See below for recipes.
3 1/2 lbs. flour, 3 ozs. butter, 6 ozs. castor sugar, 13 eggs, 2 drs. voil.
Rub the butter in the flour, make a bay, put in the sugar in powder with the
eggs and voil, make the whole into a dough of moderate consistence; break it
well and let it be quite clear and smooth; roll out a quarter of an inch
thick, cut out with an oval cutter, or one in the form of an oak-leaf, dock
them in the centre, lay them on a tray in rows, cover them with a damp
cloth. Have a copper on the fire boiling, throw them into the water one at a
time face upwards, and after they have risen to the top be careful to turn
each biscuit face uppermost. Let them remain this way for two or three
minutes for the edges to turn up. When ready take a skimmer and throw them
into a pail of cold water. When they have been in the water for about an
hour put them in a sieve to strain, and bake on buttered tins in a moderate
oven. When baked they should be placed in the drying stove for a few hours.
Mix llb. flour, 4 tablespoons butter, 5 tablespoons sugar, half a tea?
spoonful of lump ammonia dissolved in a little warm water, and with 4 eggs
make a stiff dough. Knead well, roll to a quarter-inch thickness and cut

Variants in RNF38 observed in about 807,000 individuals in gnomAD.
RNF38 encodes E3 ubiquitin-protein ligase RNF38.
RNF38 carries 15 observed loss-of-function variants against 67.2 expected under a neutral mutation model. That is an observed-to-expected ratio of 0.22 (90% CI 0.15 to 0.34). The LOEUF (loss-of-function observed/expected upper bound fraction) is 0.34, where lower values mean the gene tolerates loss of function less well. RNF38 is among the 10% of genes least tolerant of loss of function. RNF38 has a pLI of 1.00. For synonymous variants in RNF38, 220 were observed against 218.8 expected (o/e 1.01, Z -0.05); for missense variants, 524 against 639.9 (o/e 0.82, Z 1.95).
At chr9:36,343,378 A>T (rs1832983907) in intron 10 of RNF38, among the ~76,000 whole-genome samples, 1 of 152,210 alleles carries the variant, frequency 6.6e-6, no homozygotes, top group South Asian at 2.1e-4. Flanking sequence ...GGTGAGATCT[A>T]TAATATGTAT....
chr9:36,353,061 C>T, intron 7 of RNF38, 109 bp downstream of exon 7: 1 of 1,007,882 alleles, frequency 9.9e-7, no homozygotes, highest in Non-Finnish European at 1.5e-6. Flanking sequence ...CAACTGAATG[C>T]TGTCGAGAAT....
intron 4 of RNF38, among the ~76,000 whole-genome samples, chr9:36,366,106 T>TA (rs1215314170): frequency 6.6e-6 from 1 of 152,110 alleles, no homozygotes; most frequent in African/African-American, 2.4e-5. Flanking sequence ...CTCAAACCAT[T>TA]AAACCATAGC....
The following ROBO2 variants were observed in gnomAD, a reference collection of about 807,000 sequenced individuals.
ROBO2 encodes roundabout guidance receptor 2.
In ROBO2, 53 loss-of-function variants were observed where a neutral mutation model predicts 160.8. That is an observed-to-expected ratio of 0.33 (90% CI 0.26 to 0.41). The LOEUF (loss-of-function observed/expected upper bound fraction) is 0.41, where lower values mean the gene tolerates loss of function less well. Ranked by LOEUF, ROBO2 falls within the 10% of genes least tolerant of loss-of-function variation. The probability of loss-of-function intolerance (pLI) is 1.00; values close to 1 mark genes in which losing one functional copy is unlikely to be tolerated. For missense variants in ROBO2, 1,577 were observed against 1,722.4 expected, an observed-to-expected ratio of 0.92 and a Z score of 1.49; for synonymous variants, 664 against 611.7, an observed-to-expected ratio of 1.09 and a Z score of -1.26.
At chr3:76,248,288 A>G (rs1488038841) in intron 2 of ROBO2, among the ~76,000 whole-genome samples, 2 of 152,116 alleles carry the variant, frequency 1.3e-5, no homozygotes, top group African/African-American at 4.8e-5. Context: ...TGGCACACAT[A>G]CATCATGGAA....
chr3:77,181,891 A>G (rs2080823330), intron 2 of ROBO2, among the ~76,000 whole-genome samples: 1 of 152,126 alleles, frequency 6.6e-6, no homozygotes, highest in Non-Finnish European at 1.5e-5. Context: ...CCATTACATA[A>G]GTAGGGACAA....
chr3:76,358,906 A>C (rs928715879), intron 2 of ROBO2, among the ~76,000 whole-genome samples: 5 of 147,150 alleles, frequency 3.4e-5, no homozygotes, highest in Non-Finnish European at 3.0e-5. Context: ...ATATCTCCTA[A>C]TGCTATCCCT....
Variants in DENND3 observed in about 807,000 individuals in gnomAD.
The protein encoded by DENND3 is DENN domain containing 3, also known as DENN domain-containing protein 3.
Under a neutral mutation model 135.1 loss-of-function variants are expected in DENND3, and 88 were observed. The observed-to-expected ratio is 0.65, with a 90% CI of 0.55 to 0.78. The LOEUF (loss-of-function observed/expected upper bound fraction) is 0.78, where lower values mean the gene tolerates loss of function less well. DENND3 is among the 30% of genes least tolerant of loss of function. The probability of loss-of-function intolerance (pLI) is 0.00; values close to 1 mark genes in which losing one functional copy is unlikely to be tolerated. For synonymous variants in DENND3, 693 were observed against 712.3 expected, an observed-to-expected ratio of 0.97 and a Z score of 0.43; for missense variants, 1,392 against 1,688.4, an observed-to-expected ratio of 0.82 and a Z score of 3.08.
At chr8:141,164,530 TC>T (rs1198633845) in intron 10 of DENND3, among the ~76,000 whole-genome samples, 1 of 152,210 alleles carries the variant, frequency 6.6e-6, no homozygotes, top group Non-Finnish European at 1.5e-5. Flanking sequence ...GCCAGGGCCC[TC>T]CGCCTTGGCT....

into rounds. Have a large pan of boiling water ready on the stove, and a tin
of cold water. Drop the biscuits into the boiling water a few at a time, and
when they swim and curl at the edge's, lift them out and drop into Me cold
water. Leave for a few minutes, then take out, place on a greased tin, and
bake in a fairly hot oven for about a quarter of an hour.
Two cups of rich milk, four tablespoonfuls of butter and a gill of yeast, a
teaspoonful of salt; mix warm, add flour enough to make a light dough. When
light, roll thin and cut in long pieces three inches wide, prick well with a
fork and bake in a slow oven. They are to be mixed rather hard and rolled
very thin, like soda crackers.
Rub six ounces of butter into three pounds and a half of flour -- make a
hole, and put in six ounces of powdered loaf sugar -- wet up with eight eggs
and a quarter of a pint of water -- break your dough smooth; make them and
dock them like a captain's biscuit -- form them on your reel; drop them into
a stewpan of water boiling over the fire -- when they swim take them out
with a skimmer, and put them into a pailful of cold water; let them remain
full two hours before you bake them -- you may drain them in a cloth or in a
sieve -- bake them on clean tins in a brisk oven, or on the bottom of the
225g (8oz) Fine Flour
225g (8oz) Sugar
50g (2oz) Butter
Few Caraway Seeds
Sift the flour.
Rub the butter into the flour.
Add enough egg yolks to slacken the mixture.
Mix in the sugar, butter, eggs and caraway seeds together.
Add the flour, mixing thoroughly.
Roll out as thinly as possible.
Use a cookie cutter to cut out shapes.
Place on to buttered greaseproof paper.
Bake in a low oven.
Eat with chocolate.
----- Original Message -----
Sent: Tuesday, February 17, 2009 8:57 PM